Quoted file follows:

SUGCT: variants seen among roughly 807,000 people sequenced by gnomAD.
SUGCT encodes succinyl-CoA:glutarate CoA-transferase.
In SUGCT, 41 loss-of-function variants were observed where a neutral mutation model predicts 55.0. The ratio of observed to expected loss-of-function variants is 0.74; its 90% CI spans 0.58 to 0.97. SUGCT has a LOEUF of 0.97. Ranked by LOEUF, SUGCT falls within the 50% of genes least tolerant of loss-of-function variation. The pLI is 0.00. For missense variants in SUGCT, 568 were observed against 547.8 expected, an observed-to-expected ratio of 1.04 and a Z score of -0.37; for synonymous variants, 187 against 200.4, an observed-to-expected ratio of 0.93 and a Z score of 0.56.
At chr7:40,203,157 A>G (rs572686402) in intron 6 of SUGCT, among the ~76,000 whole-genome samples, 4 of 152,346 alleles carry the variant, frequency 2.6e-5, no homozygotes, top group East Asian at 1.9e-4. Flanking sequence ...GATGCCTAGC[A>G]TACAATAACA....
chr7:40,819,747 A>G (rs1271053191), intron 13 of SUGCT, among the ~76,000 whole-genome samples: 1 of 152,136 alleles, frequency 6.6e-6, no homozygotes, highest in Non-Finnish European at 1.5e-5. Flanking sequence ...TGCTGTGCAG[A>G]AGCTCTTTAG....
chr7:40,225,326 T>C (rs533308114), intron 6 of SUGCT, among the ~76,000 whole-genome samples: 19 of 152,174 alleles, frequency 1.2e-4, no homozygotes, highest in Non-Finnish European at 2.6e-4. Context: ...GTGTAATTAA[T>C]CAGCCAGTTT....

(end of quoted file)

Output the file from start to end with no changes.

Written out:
SUGCT: variants seen among roughly 807,000 people sequenced by gnomAD.
SUGCT encodes succinyl-CoA:glutarate CoA-transferase.
In SUGCT, 41 loss-of-function variants were observed where a neutral mutation model predicts 55.0. The ratio of observed to expected loss-of-function variants is 0.74; its 90% CI spans 0.58 to 0.97. SUGCT has a LOEUF of 0.97. Ranked by LOEUF, SUGCT falls within the 50% of genes least tolerant of loss-of-function variation. The pLI is 0.00. For missense variants in SUGCT, 568 were observed against 547.8 expected, an observed-to-expected ratio of 1.04 and a Z score of -0.37; for synonymous variants, 187 against 200.4, an observed-to-expected ratio of 0.93 and a Z score of 0.56.
At chr7:40,203,157 A>G (rs572686402) in intron 6 of SUGCT, among the ~76,000 whole-genome samples, 4 of 152,346 alleles carry the variant, frequency 2.6e-5, no homozygotes, top group East Asian at 1.9e-4. Flanking sequence ...GATGCCTAGC[A>G]TACAATAACA....
chr7:40,819,747 A>G (rs1271053191), intron 13 of SUGCT, among the ~76,000 whole-genome samples: 1 of 152,136 alleles, frequency 6.6e-6, no homozygotes, highest in Non-Finnish European at 1.5e-5. Flanking sequence ...TGCTGTGCAG[A>G]AGCTCTTTAG....
chr7:40,225,326 T>C (rs533308114), intron 6 of SUGCT, among the ~76,000 whole-genome samples: 19 of 152,174 alleles, frequency 1.2e-4, no homozygotes, highest in Non-Finnish European at 2.6e-4. Context: ...GTGTAATTAA[T>C]CAGCCAGTTT....